Worse Off Than Blacks|
Source: San Antonio Express-News
A recent poll reveals that Hispanics rate interracial relations and future optimism more negatively than African-Americans, who long rated themselves as the most discriminated against ethnicity in the U.S. President Obama has likely played a factor in African-American optimism, while recent animosity toward immigration is probably the cause for increased discrimination towards Hispanics.
Public Disclosure on Supreme Court Docket
Source: Seattle Times
The U.S. Supreme Court has agreed to hear a case concerning a Washington statute that allowed public disclosure of the names of citizens who voted for Referendum 71, a measure involving controversial gay marriage laws. The Supreme Court will rule on whether the public release of ballot information is constitutional under the First Amendment.
Steps for Women’s Rights|
Source: One World
Fifteen years after the Fourth World Conference for Women in
Beijing, the visibility of women’s status has sparked an increase in
civil rights legislation and access to education in countries including
Bangladesh, Pakistan, and Sri Lanka. However, contemporary challenges
throughout South Asia, such as ongoing political unrest and certain
religious practices, must still be adequately addressed.
Looms in Southeast Asia
Although many countries in Southeast Asia appear to be making strides towards addressing human rights issues, the region remains a hotbed of perpetual abuse, corruption, and injustice. Thailand, Indonesia, the Philippines, Myanmar, and Malaysia have all recently graced the covers of newspapers with incidents of extra-judicial killings, threats against activists, and political violence.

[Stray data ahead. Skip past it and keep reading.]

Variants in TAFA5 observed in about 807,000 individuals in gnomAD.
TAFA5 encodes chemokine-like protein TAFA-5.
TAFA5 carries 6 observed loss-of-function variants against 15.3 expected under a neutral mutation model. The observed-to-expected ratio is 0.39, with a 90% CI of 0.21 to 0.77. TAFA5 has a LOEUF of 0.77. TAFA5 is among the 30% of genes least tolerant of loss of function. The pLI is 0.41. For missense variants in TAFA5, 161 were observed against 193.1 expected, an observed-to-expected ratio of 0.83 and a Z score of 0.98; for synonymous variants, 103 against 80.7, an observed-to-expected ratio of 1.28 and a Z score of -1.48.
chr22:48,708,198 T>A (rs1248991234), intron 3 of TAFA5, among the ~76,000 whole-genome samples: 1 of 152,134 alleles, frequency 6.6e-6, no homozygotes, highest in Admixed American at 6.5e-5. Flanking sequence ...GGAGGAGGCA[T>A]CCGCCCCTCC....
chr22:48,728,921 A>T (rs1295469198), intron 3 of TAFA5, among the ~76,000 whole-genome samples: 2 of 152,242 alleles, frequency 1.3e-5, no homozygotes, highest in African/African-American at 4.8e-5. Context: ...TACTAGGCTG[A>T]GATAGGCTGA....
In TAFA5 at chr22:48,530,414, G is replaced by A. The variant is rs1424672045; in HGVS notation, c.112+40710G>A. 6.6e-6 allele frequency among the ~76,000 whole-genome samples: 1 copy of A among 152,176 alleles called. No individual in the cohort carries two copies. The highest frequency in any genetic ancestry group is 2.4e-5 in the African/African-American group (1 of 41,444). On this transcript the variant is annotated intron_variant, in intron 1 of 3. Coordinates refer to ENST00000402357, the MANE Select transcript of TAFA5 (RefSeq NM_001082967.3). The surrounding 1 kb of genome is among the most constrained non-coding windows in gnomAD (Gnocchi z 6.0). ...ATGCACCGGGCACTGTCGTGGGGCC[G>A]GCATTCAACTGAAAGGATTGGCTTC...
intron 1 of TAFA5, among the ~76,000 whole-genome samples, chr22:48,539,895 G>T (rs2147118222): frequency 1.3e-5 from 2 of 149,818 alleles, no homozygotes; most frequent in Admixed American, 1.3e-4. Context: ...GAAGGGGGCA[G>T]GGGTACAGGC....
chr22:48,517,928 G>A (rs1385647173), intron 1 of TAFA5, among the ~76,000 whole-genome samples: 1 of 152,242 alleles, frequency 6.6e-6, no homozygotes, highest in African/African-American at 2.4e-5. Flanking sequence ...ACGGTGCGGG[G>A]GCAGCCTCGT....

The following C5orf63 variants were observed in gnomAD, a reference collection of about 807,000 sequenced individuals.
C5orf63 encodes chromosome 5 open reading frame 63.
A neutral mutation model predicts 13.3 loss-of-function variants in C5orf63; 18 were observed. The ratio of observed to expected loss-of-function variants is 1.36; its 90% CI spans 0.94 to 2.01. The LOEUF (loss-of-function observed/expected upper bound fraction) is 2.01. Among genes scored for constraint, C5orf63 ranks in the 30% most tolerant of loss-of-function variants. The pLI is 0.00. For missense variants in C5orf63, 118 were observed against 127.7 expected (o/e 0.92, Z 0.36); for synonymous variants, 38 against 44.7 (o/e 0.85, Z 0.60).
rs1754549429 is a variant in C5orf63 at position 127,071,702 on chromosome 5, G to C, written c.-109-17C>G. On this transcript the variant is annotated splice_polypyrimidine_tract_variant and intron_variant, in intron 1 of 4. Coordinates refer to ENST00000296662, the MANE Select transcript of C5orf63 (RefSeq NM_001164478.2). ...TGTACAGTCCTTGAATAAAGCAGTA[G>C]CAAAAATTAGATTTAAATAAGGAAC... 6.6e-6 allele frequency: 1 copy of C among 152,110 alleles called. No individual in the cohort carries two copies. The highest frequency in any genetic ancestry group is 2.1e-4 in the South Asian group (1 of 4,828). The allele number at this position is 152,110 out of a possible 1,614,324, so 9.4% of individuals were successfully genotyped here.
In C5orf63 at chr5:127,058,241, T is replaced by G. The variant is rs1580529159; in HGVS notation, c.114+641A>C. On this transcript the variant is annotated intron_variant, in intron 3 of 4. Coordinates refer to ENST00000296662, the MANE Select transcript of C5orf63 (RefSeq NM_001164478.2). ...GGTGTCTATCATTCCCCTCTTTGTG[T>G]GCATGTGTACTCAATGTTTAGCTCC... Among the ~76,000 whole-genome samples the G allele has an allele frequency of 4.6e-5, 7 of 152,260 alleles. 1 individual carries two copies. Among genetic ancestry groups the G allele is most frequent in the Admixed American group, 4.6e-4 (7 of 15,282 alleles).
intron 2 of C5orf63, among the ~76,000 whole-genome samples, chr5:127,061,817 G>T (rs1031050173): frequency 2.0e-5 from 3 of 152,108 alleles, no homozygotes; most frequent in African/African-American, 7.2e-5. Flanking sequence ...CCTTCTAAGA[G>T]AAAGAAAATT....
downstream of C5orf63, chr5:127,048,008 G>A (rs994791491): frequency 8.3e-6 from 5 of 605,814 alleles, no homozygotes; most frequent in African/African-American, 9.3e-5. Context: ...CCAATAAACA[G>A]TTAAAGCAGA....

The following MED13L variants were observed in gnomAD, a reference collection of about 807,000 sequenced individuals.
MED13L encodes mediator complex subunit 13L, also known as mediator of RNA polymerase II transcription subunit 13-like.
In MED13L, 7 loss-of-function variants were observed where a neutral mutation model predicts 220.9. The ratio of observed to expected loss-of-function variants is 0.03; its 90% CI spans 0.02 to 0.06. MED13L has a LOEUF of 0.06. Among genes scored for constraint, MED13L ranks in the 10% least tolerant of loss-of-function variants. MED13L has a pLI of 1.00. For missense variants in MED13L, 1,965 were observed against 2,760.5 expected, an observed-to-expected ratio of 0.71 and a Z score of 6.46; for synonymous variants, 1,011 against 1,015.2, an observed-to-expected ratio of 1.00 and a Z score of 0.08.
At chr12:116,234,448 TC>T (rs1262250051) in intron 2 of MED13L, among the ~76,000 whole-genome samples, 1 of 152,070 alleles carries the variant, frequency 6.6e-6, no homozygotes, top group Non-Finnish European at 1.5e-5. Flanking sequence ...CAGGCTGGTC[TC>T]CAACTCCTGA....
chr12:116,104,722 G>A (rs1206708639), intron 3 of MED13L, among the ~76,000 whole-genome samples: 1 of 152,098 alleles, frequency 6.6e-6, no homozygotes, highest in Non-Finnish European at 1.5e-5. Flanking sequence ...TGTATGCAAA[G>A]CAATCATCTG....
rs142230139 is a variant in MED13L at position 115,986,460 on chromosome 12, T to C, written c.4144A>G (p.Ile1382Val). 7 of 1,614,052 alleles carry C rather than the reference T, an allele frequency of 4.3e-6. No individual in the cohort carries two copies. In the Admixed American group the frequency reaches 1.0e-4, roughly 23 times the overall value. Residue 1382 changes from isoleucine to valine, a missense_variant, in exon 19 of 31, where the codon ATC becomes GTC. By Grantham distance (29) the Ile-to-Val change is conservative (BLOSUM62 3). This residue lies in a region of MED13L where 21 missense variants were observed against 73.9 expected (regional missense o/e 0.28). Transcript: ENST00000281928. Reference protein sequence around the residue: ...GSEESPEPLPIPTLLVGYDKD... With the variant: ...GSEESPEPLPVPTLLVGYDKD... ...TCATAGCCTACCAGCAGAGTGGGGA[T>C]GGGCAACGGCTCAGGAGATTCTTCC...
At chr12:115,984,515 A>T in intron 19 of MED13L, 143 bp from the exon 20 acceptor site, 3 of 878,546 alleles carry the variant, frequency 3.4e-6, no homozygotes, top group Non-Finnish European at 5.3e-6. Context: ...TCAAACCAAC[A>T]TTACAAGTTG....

Source: Buenos Aires Herald
Though Venezuela is a top oil exporter, President Hugo
Chavez has been forced to ration electricity due to drought and poor power
management. Fear is growing that the blackouts will increase
already-rampant violence. Smaller schools and clinics will be
closed, but government officials promise that electricity will not be cut
to larger service providers.
Fight for Refugee Status
Colombian refugees make up the second largest refugee population in the world, second only to Sudanese refugees. However, neighboring countries like Venezuela have been loath to grant refugee status to bordering citizens. The delay in assigning such status hinders refugees from working and receiving social benefits as well as acclimating to society.
Sudan Food Program Suspended|
Source: N.Y. Times
Al-Shabab, a militant Islamist group known for its hit-and-run attacks, has regularly threatened the World Food Program (“WFP”). In November 2009, Al-Shabab gave the WFP until January 1, 2010, to cease all operations or comply with Al-Shabab's demands, including paying a $20,000 security fee and ceasing food importation during the harvest season.
Urged to Stop Anti-Homosexual Bill
The U.N. High Commissioner for Human Rights urged Uganda to halt a bill criminalizing new offenses of “aggravated homosexuality”, including attaching the death penalty in some instances. Although a “million-man” march has been planned to support the legislation, Ugandan President Museveni has shown signs that he will not support the bill.
Strike Renewed in Bosnia|
Source: Transitions Online
Five prisoners detained in Sarajevo have reawakened a hunger strike in protest of their detentions. The prisoners are suspected terrorists, who are being held without any formal charges. Bosnian officials assert their right to detain the men without charges and to withhold evidence, but rights groups have demanded more expansive due process.
Rights Defender Arrested
In what was referred to as an anti-terrorist operation, Muharrem Erbey and thirty-six others were arrested on suspicion of associating with the Kurdistan Workers Party. Erbey, who serves as vice president of Turkey’s national Human Rights Association and chairman of its Diyarbakir branch, was arrested in his home by the Diyarbakir Security Directorate.
Worker Contracts in Kuwait|
Source: Gulf News
The Kuwaiti government is in the process of adopting a
standardized employment contract for domestic workers. These uniform
contracts, which will be signed by the employee, employer, and recruitment
agency, will lay out the rights and duties of domestic workers and set
terms and conditions for their employment.
Saudi Criminal Justice
Saudi Arabia is taking steps to strengthen its criminal justice system by approving the establishment of a public defender program. Human Rights Watch reports that intimidation is a common tactic used by Saudi judges to discourage criminal defendants from hiring lawyers. The new public defender program will ideally counteract widespread violations of civil rights in this nation.